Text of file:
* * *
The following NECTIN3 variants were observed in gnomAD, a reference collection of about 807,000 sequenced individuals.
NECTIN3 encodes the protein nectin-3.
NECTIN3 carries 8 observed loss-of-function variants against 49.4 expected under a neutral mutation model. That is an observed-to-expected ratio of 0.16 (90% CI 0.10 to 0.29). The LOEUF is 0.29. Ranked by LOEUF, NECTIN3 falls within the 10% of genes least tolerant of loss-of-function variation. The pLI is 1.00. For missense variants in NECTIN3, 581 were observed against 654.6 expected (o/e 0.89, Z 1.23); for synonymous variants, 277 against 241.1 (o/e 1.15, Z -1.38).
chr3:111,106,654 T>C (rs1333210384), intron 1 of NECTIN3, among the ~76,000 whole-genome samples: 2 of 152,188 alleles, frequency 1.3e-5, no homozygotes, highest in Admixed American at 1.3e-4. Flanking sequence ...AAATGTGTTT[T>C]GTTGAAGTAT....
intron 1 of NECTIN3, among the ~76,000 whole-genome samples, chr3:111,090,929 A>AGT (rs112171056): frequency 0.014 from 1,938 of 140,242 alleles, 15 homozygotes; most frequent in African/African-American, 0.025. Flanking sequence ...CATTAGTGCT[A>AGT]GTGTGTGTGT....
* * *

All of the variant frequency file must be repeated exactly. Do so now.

The following NECTIN3 variants were observed in gnomAD, a reference collection of about 807,000 sequenced individuals.
NECTIN3 encodes the protein nectin-3.
NECTIN3 carries 8 observed loss-of-function variants against 49.4 expected under a neutral mutation model. That is an observed-to-expected ratio of 0.16 (90% CI 0.10 to 0.29). The LOEUF is 0.29. Ranked by LOEUF, NECTIN3 falls within the 10% of genes least tolerant of loss-of-function variation. The pLI is 1.00. For missense variants in NECTIN3, 581 were observed against 654.6 expected (o/e 0.89, Z 1.23); for synonymous variants, 277 against 241.1 (o/e 1.15, Z -1.38).
chr3:111,106,654 T>C (rs1333210384), intron 1 of NECTIN3, among the ~76,000 whole-genome samples: 2 of 152,188 alleles, frequency 1.3e-5, no homozygotes, highest in Admixed American at 1.3e-4. Flanking sequence ...AAATGTGTTT[T>C]GTTGAAGTAT....
intron 1 of NECTIN3, among the ~76,000 whole-genome samples, chr3:111,090,929 A>AGT (rs112171056): frequency 0.014 from 1,938 of 140,242 alleles, 15 homozygotes; most frequent in African/African-American, 0.025. Flanking sequence ...CATTAGTGCT[A>AGT]GTGTGTGTGT....